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Sticking up for drug pushers

In Massachusetts, two candidates are running for Attorney General. The Republican, Lawrence Frisoli, is already on the air with an aggressive ad. The main point he's pushing right now is to require convicted drug dealers to register with the state, much like sex offenders. He's hitting all the big points, too -- it'll be cheap, as the mechanism already exists, and parents have a right to this information to better help them protect their children. (Frisoli's page has a downloadable MP3 of the ad.)

And if that is his big idea, if that is what he intends to make the focus of his administration, I find myself hoping he'll lose.

When the subject of registries for sex offenders came up, especially for those who were pedophiles, the civil libertarian in me was troubled. But after some careful consideration of the matter, I accepted them. The unique nature of the crime, the astronomical recidivism rate, and the affect on the victims all combined to convince me that sex offenders were, as a class, far more likely to present a "clear and present danger" to society and such an extreme measure was not only warranted, but necessary to reduce the chances of future victims.

But none of those factors apply to drug dealers.

Drug dealers have no deep-seated psychological compunction to commit their crimes; they're done out of greed -- the desire to make money relatively easily. They do not seek to harm or kill their victims; they know that a dead junkie is not only not going to buy any more drugs, but not going to bring the dealer any new customers. And while they do tend to victimize the more vulnerable members of society, they rarely seek out and victimize people by force. I've never read an account of someone being knocked down, their money taken, and later discovering a bag of crack has been left in their pocket.

I don't know much about Frisoli's opponent, Democrat Martha Coakley, except she's currently a county DA and has had some successes and some failures in office. But Frisoli's desire to expand the sex offender registry has me deeply bothered, and I hope that if he's elected, that becomes a campaign promise that is quietly forgotten.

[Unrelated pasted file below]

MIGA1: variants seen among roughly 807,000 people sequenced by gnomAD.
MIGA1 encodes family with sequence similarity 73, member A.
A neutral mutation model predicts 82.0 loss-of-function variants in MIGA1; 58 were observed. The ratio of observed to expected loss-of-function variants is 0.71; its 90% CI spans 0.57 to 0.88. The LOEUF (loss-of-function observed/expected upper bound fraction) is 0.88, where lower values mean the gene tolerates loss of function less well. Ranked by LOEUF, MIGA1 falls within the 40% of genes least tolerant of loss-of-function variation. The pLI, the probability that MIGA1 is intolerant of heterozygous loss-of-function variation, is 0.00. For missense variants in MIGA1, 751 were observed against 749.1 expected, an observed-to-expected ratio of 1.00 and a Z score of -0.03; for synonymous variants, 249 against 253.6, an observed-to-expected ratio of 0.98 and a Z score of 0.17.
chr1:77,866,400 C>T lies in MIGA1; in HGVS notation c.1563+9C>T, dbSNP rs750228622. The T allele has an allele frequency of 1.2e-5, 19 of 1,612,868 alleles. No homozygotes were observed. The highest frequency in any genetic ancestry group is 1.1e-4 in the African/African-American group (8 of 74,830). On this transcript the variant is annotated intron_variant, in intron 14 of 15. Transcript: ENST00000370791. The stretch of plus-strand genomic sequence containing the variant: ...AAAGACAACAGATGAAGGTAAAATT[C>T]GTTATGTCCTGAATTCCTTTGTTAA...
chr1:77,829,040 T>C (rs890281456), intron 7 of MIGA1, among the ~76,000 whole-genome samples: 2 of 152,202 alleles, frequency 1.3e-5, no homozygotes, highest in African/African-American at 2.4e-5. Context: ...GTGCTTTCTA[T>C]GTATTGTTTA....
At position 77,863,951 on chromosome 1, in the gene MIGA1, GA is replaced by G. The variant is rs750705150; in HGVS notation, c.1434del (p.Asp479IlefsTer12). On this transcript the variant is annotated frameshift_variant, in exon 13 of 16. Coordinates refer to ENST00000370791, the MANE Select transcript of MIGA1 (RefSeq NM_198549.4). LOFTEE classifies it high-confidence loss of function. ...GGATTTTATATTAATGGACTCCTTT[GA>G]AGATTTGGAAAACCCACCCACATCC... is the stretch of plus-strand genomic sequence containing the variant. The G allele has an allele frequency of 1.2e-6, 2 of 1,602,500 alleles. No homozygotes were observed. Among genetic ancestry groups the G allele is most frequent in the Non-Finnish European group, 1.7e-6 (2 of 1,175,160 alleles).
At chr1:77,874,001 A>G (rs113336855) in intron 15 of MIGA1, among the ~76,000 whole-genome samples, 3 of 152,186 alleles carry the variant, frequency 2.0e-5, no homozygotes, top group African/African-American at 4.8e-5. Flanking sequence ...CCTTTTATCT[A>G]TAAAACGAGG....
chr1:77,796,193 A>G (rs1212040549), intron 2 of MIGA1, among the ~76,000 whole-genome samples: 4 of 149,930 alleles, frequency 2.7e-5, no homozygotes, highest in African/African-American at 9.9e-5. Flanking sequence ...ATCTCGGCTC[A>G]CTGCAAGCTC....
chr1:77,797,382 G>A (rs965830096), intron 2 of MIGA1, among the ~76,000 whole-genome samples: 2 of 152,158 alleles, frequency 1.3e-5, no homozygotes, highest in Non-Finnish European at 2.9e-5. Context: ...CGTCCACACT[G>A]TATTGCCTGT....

Comments (6)

Soon there after a registry... (Below threshold)
Imhotep:

Soon there after a registry for gun owners will be legislated, you know, to protect the children. we need to know which houses have guns, so the children will stay away.

Effect, not affect. Compul... (Below threshold)
Malibu Stacy:

Effect, not affect. Compulsion, not compunction.

I don't know much about ... (Below threshold)
jdubious:

I don't know much about Frisoli's opponent, Democrat Martha Coakley, except she's currently a county DA and has had some successes and some failures in office. But Frisoli's desire to expand the sex offender registry has me deeply bothered, and I hope that if he's elected, that becomes a campaign promise that is quietly forgotten.

So, you've got a mixed-bag democrat running against a republican who wants to expand the surveillance powers of the state radically.

i'm not sure, but that kind of thing might drive me enough up the wall that i would vote for the democrat.

the man is obviously running on this issue as a way to appear tough, etc. as you (JT) point out, there is really nothing more extraordinary about a drug dealer than there is about a car thief, burglar, etc.

i try to avoid ever voting for politicans who make promises I hope they "forget." I'm much more likely to vote for their opponents.

What a great idea! Once im... (Below threshold)
Headzero:

What a great idea! Once implemented you would have a ready made list of places to go to purchase illegal drugs.

Do the people that propose these things ever look at the flipside of what they are foisting upon us in the name of protecting ourselves from ourselves?

I see a whole variety of pa... (Below threshold)
epador:

I see a whole variety of patients in clinic. Last week in one morning I saw three folks in a row ravaged by meth, one who was actually trying desperately to put life back together and then two who appeared beyond redemption The fourth was a just past retirement age fellow, upper-middle class in all respects. He had just gotten out of jail after under two year's incarceration. He was upset about having been prevented from returning to his $350,000 home in a far away county and having to live downtown on a close leash to his PO (parole officer). After all, he stated, he'd done his time. He didn't sound repentent. For selling meth, to supplement his retirement income which had not been adequate to support him in the comfort to which he was accustomed.

Adding his name to a public list of pushers would have been a lot less dramatic than the punishment my gut would have imposed.

Profession ethics required me to treat him with the same level of respect and compassion as the others. But it still made my gut rumble.

And my gut's approach would... (Below threshold)
epador:

And my gut's approach would not have had the same effect as Headzero noted the public list alone would have.




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